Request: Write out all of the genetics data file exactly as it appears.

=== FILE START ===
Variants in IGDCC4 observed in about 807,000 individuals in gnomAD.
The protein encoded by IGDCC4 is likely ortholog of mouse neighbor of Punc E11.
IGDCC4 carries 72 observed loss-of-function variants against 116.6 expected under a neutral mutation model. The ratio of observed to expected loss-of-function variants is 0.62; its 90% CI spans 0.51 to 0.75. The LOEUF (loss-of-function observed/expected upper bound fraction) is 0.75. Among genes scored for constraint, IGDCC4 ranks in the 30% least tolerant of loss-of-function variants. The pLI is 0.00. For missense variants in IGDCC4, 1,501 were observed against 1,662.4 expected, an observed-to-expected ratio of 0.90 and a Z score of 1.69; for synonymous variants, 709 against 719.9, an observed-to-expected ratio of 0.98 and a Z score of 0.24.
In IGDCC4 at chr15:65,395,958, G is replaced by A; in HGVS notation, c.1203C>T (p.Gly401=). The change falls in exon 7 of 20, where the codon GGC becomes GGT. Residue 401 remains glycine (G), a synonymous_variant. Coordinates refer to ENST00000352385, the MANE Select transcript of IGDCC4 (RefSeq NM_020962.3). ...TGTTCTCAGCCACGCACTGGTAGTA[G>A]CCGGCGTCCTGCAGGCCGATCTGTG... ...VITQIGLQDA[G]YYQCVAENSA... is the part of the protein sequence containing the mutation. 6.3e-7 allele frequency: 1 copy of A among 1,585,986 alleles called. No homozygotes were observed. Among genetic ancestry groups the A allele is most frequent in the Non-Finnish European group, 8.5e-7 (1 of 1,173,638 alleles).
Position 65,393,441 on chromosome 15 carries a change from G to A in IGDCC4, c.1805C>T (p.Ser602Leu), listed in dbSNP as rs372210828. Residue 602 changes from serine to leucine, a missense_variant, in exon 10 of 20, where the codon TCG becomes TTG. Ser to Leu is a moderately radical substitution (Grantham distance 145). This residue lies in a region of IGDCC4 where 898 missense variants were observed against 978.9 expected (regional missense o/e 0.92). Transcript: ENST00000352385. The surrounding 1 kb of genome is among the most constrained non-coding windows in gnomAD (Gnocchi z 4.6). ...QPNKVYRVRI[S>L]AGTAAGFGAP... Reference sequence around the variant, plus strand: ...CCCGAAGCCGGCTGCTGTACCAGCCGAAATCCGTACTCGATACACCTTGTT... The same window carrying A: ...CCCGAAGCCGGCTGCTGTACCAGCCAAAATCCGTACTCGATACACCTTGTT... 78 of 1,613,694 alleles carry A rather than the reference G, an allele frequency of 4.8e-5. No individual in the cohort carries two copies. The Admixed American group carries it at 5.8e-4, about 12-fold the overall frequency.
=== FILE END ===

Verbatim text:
Variants in IGDCC4 observed in about 807,000 individuals in gnomAD.
The protein encoded by IGDCC4 is likely ortholog of mouse neighbor of Punc E11.
IGDCC4 carries 72 observed loss-of-function variants against 116.6 expected under a neutral mutation model. The ratio of observed to expected loss-of-function variants is 0.62; its 90% CI spans 0.51 to 0.75. The LOEUF (loss-of-function observed/expected upper bound fraction) is 0.75. Among genes scored for constraint, IGDCC4 ranks in the 30% least tolerant of loss-of-function variants. The pLI is 0.00. For missense variants in IGDCC4, 1,501 were observed against 1,662.4 expected, an observed-to-expected ratio of 0.90 and a Z score of 1.69; for synonymous variants, 709 against 719.9, an observed-to-expected ratio of 0.98 and a Z score of 0.24.
In IGDCC4 at chr15:65,395,958, G is replaced by A; in HGVS notation, c.1203C>T (p.Gly401=). The change falls in exon 7 of 20, where the codon GGC becomes GGT. Residue 401 remains glycine (G), a synonymous_variant. Coordinates refer to ENST00000352385, the MANE Select transcript of IGDCC4 (RefSeq NM_020962.3). ...TGTTCTCAGCCACGCACTGGTAGTA[G>A]CCGGCGTCCTGCAGGCCGATCTGTG... ...VITQIGLQDA[G]YYQCVAENSA... is the part of the protein sequence containing the mutation. 6.3e-7 allele frequency: 1 copy of A among 1,585,986 alleles called. No homozygotes were observed. Among genetic ancestry groups the A allele is most frequent in the Non-Finnish European group, 8.5e-7 (1 of 1,173,638 alleles).
Position 65,393,441 on chromosome 15 carries a change from G to A in IGDCC4, c.1805C>T (p.Ser602Leu), listed in dbSNP as rs372210828. Residue 602 changes from serine to leucine, a missense_variant, in exon 10 of 20, where the codon TCG becomes TTG. Ser to Leu is a moderately radical substitution (Grantham distance 145). This residue lies in a region of IGDCC4 where 898 missense variants were observed against 978.9 expected (regional missense o/e 0.92). Transcript: ENST00000352385. The surrounding 1 kb of genome is among the most constrained non-coding windows in gnomAD (Gnocchi z 4.6). ...QPNKVYRVRI[S>L]AGTAAGFGAP... Reference sequence around the variant, plus strand: ...CCCGAAGCCGGCTGCTGTACCAGCCGAAATCCGTACTCGATACACCTTGTT... The same window carrying A: ...CCCGAAGCCGGCTGCTGTACCAGCCAAAATCCGTACTCGATACACCTTGTT... 78 of 1,613,694 alleles carry A rather than the reference G, an allele frequency of 4.8e-5. No individual in the cohort carries two copies. The Admixed American group carries it at 5.8e-4, about 12-fold the overall frequency.